“I [learned] so much about myself — the way I train, the way I should train,” she said. “I’m learning all of the things I’m doing wrong that I thought I was doing right, and it’s saving us from injuries and using muscles that we didn’t use before.”
As ESPN’s No. 14-ranked basketball player in the class of 2022, Jarace Walker regularly participates in exclusive camps and invitationals, like the USA Basketball Junior National Minicamp. When competing, he makes it a priority to learn from his opponents, driven by a constant desire to improve. Going into The Workout, Walker assumed the same mindset.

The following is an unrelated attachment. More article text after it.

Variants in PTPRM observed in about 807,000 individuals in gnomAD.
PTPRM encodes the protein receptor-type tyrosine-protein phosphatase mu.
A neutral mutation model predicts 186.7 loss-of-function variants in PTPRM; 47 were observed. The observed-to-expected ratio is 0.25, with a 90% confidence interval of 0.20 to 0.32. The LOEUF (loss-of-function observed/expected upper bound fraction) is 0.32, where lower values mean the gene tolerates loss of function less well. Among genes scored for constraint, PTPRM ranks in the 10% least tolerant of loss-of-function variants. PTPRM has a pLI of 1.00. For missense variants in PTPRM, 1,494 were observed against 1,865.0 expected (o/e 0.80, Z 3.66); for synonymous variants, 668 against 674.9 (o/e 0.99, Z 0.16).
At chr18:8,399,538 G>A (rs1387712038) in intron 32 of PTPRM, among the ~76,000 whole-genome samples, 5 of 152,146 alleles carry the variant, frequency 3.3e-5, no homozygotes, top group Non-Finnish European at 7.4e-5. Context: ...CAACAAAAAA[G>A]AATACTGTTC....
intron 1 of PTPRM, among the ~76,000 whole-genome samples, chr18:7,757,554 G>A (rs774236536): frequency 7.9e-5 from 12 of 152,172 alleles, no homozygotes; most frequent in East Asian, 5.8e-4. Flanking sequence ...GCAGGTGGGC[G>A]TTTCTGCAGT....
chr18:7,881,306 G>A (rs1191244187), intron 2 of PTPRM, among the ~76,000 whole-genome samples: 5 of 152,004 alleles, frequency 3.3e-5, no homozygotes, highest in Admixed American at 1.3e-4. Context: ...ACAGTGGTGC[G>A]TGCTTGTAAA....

“I'm really excited to meet the top athletes in the country from across different sports,” he said before arriving in Portland. “I might be athletically gifted in one way, but there might be a girl that might be stronger than me in another way that plays lacrosse, or something like that, so I’m interested in seeing how we use our bodies differently in each sport that we all play.”
While the 6-foot-8 “positionless” hoops star did participate in performance assessments and contests, he also found value in The Workout’s personal branding experiences that provided him with the tools to build on his existing presence.
“We [designed] shoes, our motto, our logo — just continuing to grow our brand and our name, image, and likeness.”